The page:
Easter was never a big holiday when I was growing up, most likely because my mother raised me and she was not fond of her religion. Quite different from my father’s family, my grandmother was a devout Catholic. I was spared Catholic school and a religious upbringing though Catholic school most likely would have made me smarter and a religious upbringing most likely would have made me less tolerant of any religion. I have nothing against religion, mind you, and I respect the history of religion but I prefer to probe history rather than to just accept what the ancients tell me is the truth of it. I like to come to my own decisions about who is the true Lord and what exactly is ‘the Lord’ and can there be more than one God? I think all religions serve a purpose and there isn’t a Church I don’t like, I find them beautiful. But bottom line, when one is in touch with their spirituality they must seek their own truth about it and acknowledge their own experience of discovering the ‘soul of being’.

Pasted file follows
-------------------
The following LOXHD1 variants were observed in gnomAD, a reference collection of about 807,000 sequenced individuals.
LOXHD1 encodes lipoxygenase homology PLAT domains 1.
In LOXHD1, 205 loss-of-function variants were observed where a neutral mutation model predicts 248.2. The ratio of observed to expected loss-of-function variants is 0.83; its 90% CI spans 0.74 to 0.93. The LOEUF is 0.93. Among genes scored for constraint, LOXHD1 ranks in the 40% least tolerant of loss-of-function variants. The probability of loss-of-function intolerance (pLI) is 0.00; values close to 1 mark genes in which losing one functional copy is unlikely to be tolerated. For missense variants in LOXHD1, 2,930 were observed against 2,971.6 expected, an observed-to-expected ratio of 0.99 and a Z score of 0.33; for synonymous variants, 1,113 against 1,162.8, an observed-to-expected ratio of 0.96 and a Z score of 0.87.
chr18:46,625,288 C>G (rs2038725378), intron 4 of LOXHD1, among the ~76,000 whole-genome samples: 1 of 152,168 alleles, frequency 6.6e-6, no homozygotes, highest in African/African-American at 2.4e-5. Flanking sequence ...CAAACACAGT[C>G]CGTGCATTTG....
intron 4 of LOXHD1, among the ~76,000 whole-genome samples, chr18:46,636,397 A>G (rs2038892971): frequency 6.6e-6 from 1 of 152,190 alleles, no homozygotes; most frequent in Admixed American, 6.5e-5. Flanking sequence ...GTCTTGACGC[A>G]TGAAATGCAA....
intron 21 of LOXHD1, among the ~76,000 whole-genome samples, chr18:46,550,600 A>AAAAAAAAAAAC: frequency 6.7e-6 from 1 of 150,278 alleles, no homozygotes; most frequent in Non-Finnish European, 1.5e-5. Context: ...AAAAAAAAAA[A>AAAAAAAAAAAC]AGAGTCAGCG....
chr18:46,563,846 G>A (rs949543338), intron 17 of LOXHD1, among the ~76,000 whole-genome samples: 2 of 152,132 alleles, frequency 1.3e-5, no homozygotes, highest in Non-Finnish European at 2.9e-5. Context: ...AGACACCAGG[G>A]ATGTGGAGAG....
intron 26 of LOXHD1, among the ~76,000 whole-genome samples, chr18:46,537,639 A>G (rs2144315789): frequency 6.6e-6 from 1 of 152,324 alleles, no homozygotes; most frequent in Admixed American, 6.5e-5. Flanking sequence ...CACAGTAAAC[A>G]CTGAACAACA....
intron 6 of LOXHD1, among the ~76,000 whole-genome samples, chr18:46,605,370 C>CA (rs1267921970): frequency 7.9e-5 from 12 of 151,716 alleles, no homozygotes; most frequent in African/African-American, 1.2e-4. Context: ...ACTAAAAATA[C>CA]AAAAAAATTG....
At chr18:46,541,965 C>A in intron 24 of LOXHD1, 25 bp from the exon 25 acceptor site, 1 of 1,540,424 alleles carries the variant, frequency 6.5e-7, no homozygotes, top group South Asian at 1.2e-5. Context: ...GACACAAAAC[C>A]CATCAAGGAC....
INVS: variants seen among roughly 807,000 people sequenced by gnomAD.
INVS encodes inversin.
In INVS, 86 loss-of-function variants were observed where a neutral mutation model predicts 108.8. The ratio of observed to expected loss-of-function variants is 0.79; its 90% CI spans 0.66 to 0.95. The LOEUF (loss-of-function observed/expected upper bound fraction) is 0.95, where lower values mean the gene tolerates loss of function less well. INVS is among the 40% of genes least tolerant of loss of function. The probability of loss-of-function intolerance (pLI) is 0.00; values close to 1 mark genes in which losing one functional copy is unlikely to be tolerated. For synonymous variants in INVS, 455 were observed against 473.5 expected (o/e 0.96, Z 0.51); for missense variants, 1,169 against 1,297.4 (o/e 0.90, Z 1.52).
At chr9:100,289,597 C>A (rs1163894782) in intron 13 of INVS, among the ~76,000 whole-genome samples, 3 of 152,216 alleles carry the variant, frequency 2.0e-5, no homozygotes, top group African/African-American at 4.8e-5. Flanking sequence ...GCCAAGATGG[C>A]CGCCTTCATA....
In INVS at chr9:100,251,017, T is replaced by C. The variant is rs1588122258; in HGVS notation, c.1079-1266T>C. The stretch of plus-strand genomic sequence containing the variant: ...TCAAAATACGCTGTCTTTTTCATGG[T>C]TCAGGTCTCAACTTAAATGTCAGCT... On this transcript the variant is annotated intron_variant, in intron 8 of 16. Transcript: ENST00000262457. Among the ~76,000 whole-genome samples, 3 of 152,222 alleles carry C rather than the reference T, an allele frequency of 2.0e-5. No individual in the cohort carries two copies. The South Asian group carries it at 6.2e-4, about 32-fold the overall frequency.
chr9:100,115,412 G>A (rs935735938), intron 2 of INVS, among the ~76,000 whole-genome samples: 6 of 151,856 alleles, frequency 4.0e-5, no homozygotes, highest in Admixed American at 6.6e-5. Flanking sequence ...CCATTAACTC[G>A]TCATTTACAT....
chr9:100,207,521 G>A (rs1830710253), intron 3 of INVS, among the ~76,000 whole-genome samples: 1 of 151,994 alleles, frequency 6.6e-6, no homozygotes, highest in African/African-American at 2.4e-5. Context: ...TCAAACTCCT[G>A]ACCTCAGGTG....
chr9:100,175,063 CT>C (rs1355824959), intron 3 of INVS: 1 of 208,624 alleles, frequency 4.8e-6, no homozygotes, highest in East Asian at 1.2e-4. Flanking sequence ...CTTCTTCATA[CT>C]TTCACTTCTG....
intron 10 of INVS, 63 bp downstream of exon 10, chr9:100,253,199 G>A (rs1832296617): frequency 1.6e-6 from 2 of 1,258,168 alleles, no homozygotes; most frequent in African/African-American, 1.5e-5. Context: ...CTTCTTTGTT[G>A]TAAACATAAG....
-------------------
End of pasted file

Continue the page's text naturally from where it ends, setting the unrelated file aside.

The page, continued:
Well, enough about the meanings and consequences of Jesus’ last supper and his resurrection, let’s have dinner. Religious holidays are such great excuses for a dinner party, dinner parties on a grand scale. One can put all kinds of meaning into eating and celebrating with friends and family. I like the social ritual of dining, of conversing. Laughter is never far when friends get together and we are breaking bread together, but behind the laughter and the wine there is the spirit of caring, the joy of sharing. There is something deeply religious to me about what we human beings have created for ourselves on Earth. I could go to a beautiful house and get down on my knees and whisper ‘thank you’ for unity and for the goodness of ‘us.’